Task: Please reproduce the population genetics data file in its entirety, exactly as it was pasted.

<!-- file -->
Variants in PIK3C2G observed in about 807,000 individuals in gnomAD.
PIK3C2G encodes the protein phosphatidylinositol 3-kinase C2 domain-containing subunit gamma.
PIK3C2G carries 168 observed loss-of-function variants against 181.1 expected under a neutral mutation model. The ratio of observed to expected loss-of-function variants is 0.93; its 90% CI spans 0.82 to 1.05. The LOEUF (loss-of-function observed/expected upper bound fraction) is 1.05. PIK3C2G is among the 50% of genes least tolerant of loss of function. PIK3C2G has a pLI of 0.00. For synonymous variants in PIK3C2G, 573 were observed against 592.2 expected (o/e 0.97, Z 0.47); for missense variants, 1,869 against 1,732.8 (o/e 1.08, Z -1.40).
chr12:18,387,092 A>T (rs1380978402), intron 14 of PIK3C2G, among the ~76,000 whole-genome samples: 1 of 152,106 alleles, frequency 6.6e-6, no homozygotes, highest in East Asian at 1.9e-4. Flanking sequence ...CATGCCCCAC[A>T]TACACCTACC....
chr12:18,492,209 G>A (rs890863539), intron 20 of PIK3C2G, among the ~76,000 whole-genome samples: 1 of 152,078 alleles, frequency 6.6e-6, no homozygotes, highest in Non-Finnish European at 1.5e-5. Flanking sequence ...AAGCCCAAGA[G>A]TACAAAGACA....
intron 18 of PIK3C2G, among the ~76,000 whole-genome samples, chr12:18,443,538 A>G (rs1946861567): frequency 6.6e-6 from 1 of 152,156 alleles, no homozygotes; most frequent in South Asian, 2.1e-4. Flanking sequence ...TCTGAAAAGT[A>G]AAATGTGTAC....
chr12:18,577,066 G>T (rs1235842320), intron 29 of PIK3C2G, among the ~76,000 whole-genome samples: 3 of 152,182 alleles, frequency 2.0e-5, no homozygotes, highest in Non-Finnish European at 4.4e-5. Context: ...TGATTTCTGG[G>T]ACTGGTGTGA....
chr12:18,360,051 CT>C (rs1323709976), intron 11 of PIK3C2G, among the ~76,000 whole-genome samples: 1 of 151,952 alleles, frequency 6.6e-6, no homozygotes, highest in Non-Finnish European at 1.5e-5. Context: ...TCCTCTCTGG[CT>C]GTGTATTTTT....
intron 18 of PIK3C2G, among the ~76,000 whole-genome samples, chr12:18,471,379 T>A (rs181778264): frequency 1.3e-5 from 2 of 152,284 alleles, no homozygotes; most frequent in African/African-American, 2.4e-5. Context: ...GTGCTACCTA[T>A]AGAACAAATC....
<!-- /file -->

Variants in PIK3C2G observed in about 807,000 individuals in gnomAD.
PIK3C2G encodes the protein phosphatidylinositol 3-kinase C2 domain-containing subunit gamma.
PIK3C2G carries 168 observed loss-of-function variants against 181.1 expected under a neutral mutation model. The ratio of observed to expected loss-of-function variants is 0.93; its 90% CI spans 0.82 to 1.05. The LOEUF (loss-of-function observed/expected upper bound fraction) is 1.05. PIK3C2G is among the 50% of genes least tolerant of loss of function. PIK3C2G has a pLI of 0.00. For synonymous variants in PIK3C2G, 573 were observed against 592.2 expected (o/e 0.97, Z 0.47); for missense variants, 1,869 against 1,732.8 (o/e 1.08, Z -1.40).
chr12:18,387,092 A>T (rs1380978402), intron 14 of PIK3C2G, among the ~76,000 whole-genome samples: 1 of 152,106 alleles, frequency 6.6e-6, no homozygotes, highest in East Asian at 1.9e-4. Flanking sequence ...CATGCCCCAC[A>T]TACACCTACC....
chr12:18,492,209 G>A (rs890863539), intron 20 of PIK3C2G, among the ~76,000 whole-genome samples: 1 of 152,078 alleles, frequency 6.6e-6, no homozygotes, highest in Non-Finnish European at 1.5e-5. Flanking sequence ...AAGCCCAAGA[G>A]TACAAAGACA....
intron 18 of PIK3C2G, among the ~76,000 whole-genome samples, chr12:18,443,538 A>G (rs1946861567): frequency 6.6e-6 from 1 of 152,156 alleles, no homozygotes; most frequent in South Asian, 2.1e-4. Flanking sequence ...TCTGAAAAGT[A>G]AAATGTGTAC....
chr12:18,577,066 G>T (rs1235842320), intron 29 of PIK3C2G, among the ~76,000 whole-genome samples: 3 of 152,182 alleles, frequency 2.0e-5, no homozygotes, highest in Non-Finnish European at 4.4e-5. Context: ...TGATTTCTGG[G>T]ACTGGTGTGA....
chr12:18,360,051 CT>C (rs1323709976), intron 11 of PIK3C2G, among the ~76,000 whole-genome samples: 1 of 151,952 alleles, frequency 6.6e-6, no homozygotes, highest in Non-Finnish European at 1.5e-5. Context: ...TCCTCTCTGG[CT>C]GTGTATTTTT....
intron 18 of PIK3C2G, among the ~76,000 whole-genome samples, chr12:18,471,379 T>A (rs181778264): frequency 1.3e-5 from 2 of 152,284 alleles, no homozygotes; most frequent in African/African-American, 2.4e-5. Context: ...GTGCTACCTA[T>A]AGAACAAATC....